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For students who _Don't know_

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For students who _Don't know_

  1. 1. Basic procedure for students who “Don’t know” By Isabella Kaplan, peer tutor fall semester 2015 The majority of the people who come to the Public Speaking Lab (PSL) know what they need to work on. Often, students come asking for help in creating an outline, filling in gaps in their speech, or help with improving their general speaking skills. As a tutor, it is very important to know what the student would like to work on. Knowing this will allow you to tailor a session that is most beneficial to the student. However, there will be times where students will not know what to work on. This is often because it is their first time visiting the PSL, or it is a required visit and they don’t really want to be here. As you will soon discover, a half an hour is a short amount of time, and you don’t want to waste their time giving advice on things the student does not need help on. Here are a few tips to help you give a successful session for students who do not know what they want to work on. Ask About the Requirements Whether it is public speaking class or any other class, professors often have very strict guidelines on what they want the presentation to be like. As the public speaking class will have the most prominent tutees, know the requirements for his assignments before the students come in, and ask questions to see if they meet those requirements. For any other class, read the assignment to find the key details at the beginning of the session. Often a student will forget a detail or two, and will be grateful you saved them a few points. Knowing that they have all the key requirements will boost their confidence, a key factor in public speaking. Here are some questions you should ask the student. 1. What does this speech have to be about? 2. What is the time limit?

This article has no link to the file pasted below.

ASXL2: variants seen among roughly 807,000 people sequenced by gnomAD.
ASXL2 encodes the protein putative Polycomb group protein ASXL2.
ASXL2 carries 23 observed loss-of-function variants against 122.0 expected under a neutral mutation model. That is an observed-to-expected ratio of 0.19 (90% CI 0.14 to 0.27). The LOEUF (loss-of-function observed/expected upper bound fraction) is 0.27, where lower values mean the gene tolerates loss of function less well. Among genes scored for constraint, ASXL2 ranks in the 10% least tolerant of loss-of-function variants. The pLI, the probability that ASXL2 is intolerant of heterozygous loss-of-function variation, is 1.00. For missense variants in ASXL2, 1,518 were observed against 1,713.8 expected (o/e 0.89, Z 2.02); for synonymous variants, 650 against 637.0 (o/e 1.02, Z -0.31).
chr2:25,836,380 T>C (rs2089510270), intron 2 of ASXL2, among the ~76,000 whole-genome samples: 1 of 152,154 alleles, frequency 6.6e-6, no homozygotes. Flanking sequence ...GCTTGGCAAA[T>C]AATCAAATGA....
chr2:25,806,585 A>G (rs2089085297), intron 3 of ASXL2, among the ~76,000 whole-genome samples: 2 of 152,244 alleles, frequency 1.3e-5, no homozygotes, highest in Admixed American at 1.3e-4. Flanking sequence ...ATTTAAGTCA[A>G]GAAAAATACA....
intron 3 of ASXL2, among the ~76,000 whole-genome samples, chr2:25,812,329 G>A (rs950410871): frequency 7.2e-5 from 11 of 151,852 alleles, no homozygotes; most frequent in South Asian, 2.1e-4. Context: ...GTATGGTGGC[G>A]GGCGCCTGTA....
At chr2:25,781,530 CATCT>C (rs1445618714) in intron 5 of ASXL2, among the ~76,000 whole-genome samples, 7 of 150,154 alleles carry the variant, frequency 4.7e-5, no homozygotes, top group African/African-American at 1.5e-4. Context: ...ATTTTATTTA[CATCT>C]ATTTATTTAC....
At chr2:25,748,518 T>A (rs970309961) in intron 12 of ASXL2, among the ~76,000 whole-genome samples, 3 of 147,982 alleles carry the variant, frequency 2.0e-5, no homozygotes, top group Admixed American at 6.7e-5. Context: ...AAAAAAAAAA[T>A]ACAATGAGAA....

2. 2. 3. How many slides are required? 4. How many sources are needed? 5. Does the speech require a hand out, props or any other additions? 6. Does the speech require the incorporation of things such as: quotes, ethos pathos, logos, or statistics? 7. How does this speech relate to the audience? 8. When is it due? (This is an important question to ask, for if it is due that day you don’t want to give too many things to improve on as it will over whelm the student). Offer General Advice Before The Student Presentation His or Her Speech Over time you will find common areas that all students struggle with. Suggest a few pointers on how to fix the common mistakes before the student starts to ensure he or she has the basic but important foundation skills. As they work on those tasks, it will allow you to find more hidden problems, like poor transitions, or sentences that don’t make sense. Here are some tips to give, but remember don’t give too many as it may be overwhelming to the student. 1. First, place post cards around the room and tell them to vary the eye contact between cards. This will make them feel more comfortable as they wont have to stare at just you, and as well as help them practice eye variation. 2. Tell them to introduce themselves 3. Speak slowly and pause 4. Try to vary their voice Common Errors For students who don’t know what to work on, there are usually consistent common errors. Here are some of those and how to fix them. 1. Speaks to quickly o This is a typical problem among all public speakers. Remind them to speak painfully slow, and assure them that it will sound